Make Money in Tech Stocks -- the Easy Way

Exchange-traded funds offer a convenient way to invest in sectors or niches that interest you. If you expect technology-heavy companies to thrive as our world becomes more electronic over time, the First Trust NASDAQ-100-Tech Index ETF (NAS: QTEC) could save you a lot of trouble. Instead of trying to figure out which companies will perform best, you can use this ETF to invest in lots of them simultaneously.

The basics
ETFs often sport lower expense ratios than their mutual fund cousins. The First Trust ETF's expense ratio -- its annual fee -- is 0.60%, which is a bit higher than that of many ETFs, but also considerably lower than that of most stock mutual funds. The ETF is relatively small, too, so if you're thinking of buying, beware of occasionally large spreads between its bid and ask prices. Consider using a limit order if you want to buy in.

This ETF has performed rather well, but it's also very young, with just a few years on the books. It outperformed the S&P 500, on average, over the past three and five years. As with most investments, of course, we can't expect outstanding performances in every quarter or year. Investors with conviction need to wait for their holdings to deliver.

With a low turnover rate of 26%, this fund isn't frantically and frequently rejiggering its holdings, as many funds do.

What's in it?
Plenty of tech-heavy companies had strong performances over the past year. Nuance Communications (NAS: NUAN) , for example, advanced 33%, with three of its four divisions reporting strong growth and profit margins, and its enterprise division posting only modest growth. Nuance is known for its speech-recognition technology, which is used in Apple products, among other places. (Siri, anyone?) Up 12% was Chinese search engine specialist Baidu (NAS: BIDU) , which recently posted fourth-quarter revenue up 83% and saw net profit margins soar to 45%. Some worry about slowing growth in China, while others are excited about Baidu's growth in mobile communications and its plans to grow internationally.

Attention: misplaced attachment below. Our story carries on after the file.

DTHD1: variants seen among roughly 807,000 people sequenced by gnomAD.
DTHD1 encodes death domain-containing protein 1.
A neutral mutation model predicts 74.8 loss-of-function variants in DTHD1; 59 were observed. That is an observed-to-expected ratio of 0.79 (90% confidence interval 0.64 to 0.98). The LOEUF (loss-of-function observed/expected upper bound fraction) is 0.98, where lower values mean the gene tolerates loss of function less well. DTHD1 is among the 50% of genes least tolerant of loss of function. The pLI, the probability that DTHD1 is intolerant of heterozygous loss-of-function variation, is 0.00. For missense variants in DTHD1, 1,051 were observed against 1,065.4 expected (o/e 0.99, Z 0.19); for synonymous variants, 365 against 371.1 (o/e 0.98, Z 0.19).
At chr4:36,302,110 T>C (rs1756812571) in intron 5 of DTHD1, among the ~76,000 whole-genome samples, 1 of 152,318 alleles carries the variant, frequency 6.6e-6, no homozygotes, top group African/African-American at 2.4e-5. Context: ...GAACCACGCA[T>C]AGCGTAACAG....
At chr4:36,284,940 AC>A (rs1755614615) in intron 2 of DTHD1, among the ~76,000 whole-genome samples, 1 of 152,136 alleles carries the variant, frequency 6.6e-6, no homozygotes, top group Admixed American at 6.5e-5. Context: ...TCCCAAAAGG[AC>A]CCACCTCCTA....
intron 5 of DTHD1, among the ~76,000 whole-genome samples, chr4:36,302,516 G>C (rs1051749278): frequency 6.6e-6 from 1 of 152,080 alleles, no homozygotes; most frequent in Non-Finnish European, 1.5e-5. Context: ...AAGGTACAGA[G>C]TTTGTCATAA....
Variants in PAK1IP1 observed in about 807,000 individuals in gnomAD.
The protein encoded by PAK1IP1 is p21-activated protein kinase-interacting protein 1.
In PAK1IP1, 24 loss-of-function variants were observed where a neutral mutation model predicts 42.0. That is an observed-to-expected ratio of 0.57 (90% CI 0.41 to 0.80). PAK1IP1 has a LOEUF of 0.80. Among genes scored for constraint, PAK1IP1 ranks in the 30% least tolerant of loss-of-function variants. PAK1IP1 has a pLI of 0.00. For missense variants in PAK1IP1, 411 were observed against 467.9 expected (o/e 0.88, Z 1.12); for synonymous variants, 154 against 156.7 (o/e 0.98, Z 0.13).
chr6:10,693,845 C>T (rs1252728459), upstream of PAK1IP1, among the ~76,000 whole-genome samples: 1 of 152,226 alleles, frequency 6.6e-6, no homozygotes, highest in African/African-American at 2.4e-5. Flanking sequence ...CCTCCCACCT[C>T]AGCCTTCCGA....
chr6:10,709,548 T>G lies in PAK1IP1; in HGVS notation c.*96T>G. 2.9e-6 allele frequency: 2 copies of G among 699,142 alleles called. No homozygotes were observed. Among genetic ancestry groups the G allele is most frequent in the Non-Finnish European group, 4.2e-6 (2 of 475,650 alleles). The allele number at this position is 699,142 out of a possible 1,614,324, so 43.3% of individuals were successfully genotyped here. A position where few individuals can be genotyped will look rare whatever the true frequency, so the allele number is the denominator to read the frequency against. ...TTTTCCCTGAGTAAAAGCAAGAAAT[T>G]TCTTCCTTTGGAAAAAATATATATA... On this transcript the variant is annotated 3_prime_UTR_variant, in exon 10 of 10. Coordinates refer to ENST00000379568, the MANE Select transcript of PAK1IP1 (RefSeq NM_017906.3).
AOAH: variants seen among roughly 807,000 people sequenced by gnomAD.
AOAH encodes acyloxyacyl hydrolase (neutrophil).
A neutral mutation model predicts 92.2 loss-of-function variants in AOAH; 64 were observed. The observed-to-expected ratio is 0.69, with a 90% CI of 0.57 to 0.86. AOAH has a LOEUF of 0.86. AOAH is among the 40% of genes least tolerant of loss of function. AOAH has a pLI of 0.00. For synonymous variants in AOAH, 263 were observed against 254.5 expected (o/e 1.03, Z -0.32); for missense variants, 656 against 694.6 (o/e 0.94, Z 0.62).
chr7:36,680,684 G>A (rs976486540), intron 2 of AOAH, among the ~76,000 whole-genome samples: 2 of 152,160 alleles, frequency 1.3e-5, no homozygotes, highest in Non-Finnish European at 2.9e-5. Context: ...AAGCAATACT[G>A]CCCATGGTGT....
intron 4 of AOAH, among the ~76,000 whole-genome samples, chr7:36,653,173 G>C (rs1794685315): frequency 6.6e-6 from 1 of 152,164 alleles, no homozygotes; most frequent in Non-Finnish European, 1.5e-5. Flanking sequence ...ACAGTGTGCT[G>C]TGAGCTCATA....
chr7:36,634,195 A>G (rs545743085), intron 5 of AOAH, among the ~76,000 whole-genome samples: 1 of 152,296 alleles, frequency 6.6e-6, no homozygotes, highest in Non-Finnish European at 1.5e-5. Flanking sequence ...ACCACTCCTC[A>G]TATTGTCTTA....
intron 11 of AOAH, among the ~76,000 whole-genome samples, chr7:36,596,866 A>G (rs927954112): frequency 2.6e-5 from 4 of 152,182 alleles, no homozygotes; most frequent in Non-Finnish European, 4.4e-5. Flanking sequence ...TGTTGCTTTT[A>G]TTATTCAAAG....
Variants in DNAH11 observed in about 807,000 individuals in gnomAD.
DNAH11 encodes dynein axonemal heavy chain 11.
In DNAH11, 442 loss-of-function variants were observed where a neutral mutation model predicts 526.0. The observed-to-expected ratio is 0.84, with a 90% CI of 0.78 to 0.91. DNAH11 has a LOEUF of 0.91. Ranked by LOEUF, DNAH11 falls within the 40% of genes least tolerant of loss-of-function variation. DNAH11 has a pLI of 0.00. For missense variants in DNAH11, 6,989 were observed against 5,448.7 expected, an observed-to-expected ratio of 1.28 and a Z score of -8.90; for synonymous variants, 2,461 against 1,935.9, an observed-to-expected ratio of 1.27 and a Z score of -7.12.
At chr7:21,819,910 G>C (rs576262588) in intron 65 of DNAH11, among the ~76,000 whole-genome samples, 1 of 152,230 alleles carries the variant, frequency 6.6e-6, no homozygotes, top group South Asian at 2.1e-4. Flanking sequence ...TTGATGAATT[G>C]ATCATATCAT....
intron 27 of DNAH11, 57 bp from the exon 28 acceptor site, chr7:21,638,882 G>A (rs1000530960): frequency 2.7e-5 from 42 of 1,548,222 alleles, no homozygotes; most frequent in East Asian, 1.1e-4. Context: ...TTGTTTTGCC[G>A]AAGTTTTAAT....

Other companies didn't do as well last year, but they could see their fortunes change in the coming years. Micron Technology (NYS: MU) shed 31%, partly on the sudden death of its CEO early this year and also on shrinking revenue and an oversupply of DRAM chips. The company's growth in serving the needs of tablets and smartphones bodes well for it, though. Meanwhile, Akamai Technologies (NAS: AKAM) , down 6%, has recently topped many investors' expectations, but still leaves some worried about shrinking margins and slowing growth.

The big picture
Demand for technology isn't going away anytime soon. A well-chosen ETF can grant you instant diversification across any industry or group of companies -- and make investing in and profiting from it that much easier.

Learn aboutthe 5 ETFs That Could Soar in 2012. And if you're looking for some great investments beyond ETFs, consider these12 Dividend Stocks for 2012.

At the time thisarticle was published Longtime Fool contributorSelena Maranjian, whom you can follow on Twitter@SelenaMaranjian, owns shares of Apple, but she holds no other position in any company mentioned.Click hereto see her holdings and a short bio. The Motley Fool owns shares of Apple.Motley Fool newsletter serviceshave recommended buying shares of Nuance Communications, Baidu, and Apple, as well as creating a bull call spread position in Apple. Try any of our Foolish newsletter servicesfree for 30 days. We Fools may not all hold the same opinions, but we all believe thatconsidering a diverse range of insightsmakes us better investors. The Motley Fool has adisclosure policy.

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